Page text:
It's looking possible. U.S. auto sales are finally starting to gather steam, industry watchers say, with February's sales totals set to build on the strong overall results seen in January. Ford itself says that sales of its key compact car are up sharply. And other signs suggest that Ford could be gaining market share, even as key Japanese rivals work hard to pick up the pace.
Strong results in an improving economy
The industry analysts at Edmunds are expecting February's numbers to show a big jump, with sales up 19.9% over January's strong totals and up 10.3% over last year. That's expected to put the SAAR, or Seasonally Adjusted Annualized Rate of auto sales (a widely watched industry indicator) at 14.4 million, up from an already impressive 14.1 million last month.
That's good news for all of the automakers. But it's particularly good news for Ford, which may be grabbing market share. Edmunds expects Ford's February sales to come in at 35.6% above January's numbers, good for a substantial 18.3% YOY gain.
What's driving that? We won't know for sure until Ford reports its sales later this week, but some factors are already apparent. Mild weather in the northern states may be boosting overall sales, and as Edmunds' Jeremy Anwyl recently noted, more older vehicles are being traded in than at any point since the "Cash for Clunkers" months in 2009. That suggests that consumers who have been postponing car purchases might finally be willing to spend, a sign that this rise in sales could go on for a while.
Ford's finding that small is sweet
Rising gas prices may be pushing more buyers toward smaller cars, a trend that -- unlike in past years -- may work in Ford's favor. Ford said on Monday that sales of its Focus compact were expected to double in February versus year-ago numbers, which would make it the best month for the model in over a decade.
If that result holds up -- and if it's driven by retail sales instead of low-margin fleet sales to rental-car companies -- it will be impressive. The current Focus, like its smaller sibling, the Fiesta, has won critical accolades ever since its introduction, and for good reason: They're Ford's best-ever small cars, and rank with the best in the world. But while the Focus has been a strong seller in Europe and elsewhere, it hasn't yet managed to gain significant ground here on segment leaders from Toyota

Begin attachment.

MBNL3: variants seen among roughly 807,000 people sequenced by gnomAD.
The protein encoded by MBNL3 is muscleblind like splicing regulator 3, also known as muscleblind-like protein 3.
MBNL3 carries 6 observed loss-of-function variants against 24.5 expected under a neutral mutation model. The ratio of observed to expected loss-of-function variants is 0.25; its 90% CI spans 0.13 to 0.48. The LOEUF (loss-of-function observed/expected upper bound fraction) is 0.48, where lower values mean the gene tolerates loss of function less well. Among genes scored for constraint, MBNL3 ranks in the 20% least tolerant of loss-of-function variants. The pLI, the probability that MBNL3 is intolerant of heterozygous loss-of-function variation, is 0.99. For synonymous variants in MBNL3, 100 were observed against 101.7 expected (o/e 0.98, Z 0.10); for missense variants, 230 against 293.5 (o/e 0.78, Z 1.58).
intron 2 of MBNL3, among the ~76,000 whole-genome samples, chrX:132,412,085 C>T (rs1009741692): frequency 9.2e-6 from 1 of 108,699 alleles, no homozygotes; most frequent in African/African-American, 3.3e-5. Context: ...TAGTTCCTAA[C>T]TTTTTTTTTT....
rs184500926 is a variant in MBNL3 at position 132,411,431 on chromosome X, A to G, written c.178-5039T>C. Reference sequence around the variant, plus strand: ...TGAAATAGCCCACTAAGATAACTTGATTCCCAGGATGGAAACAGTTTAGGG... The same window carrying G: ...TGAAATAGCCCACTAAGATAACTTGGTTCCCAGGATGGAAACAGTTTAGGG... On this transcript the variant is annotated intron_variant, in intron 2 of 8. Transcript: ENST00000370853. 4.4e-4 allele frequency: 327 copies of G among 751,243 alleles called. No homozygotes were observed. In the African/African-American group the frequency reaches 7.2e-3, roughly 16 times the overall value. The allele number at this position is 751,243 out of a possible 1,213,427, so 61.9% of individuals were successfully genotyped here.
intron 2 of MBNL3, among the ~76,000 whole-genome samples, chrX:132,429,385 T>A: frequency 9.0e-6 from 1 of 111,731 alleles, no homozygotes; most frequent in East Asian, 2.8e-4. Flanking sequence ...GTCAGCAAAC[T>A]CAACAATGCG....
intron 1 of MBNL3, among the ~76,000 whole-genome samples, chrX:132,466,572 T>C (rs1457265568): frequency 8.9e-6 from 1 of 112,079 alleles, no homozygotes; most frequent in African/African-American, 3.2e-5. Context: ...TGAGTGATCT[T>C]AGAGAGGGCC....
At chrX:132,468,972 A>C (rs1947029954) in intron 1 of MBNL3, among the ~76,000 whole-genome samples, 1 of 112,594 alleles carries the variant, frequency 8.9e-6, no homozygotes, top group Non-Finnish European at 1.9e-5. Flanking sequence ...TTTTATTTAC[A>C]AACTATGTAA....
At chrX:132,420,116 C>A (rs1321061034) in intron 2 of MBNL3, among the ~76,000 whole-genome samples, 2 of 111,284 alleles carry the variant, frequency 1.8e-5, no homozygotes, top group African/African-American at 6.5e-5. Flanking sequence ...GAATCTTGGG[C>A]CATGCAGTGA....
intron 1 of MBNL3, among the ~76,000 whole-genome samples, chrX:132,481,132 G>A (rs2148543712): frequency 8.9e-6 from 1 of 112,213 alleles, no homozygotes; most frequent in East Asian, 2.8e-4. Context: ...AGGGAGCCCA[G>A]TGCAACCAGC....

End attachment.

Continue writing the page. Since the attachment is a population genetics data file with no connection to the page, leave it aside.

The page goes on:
If that's changing, that's good news for Ford, and a possible challenge for the still-recovering Toyota and Honda.
Don't forget the Japanese … and the General
Speaking of Toyota, the Japanese giant is expected to show a 5.6% YOY gain, says Edmunds, another sign that its supply lines are back up to speed. And Honda, which was still struggling as recently as last month, is expected to post a 5.2% gain.
February 2011 was the last month before the earthquake and tsunami that devastated parts of Japan (and key Toyota and Honda suppliers), so YOY sales gains would be a strong positive sign for both automakers.
Less strong are GM's numbers, which are expected to be down a bit versus those from a year ago for the second straight month. It may be that GM and its hit-or-miss product line is bearing the brunt of the Japanese resurgence, while Ford's stronger lineup holds its sales ground. Key products like GM's trucks are still selling well, but they're a bit dated next to more-recently refreshed models from Ford and Chrysler. Chrysler has recently upped its product game in a big way, of course, and Edmunds expects the company's YOY gain to once again be the biggest among the major automakers.
But if Edmunds projections hold, Ford will be the big story when sales numbers are released on Wednesday. How will that play out? Stay tuned.
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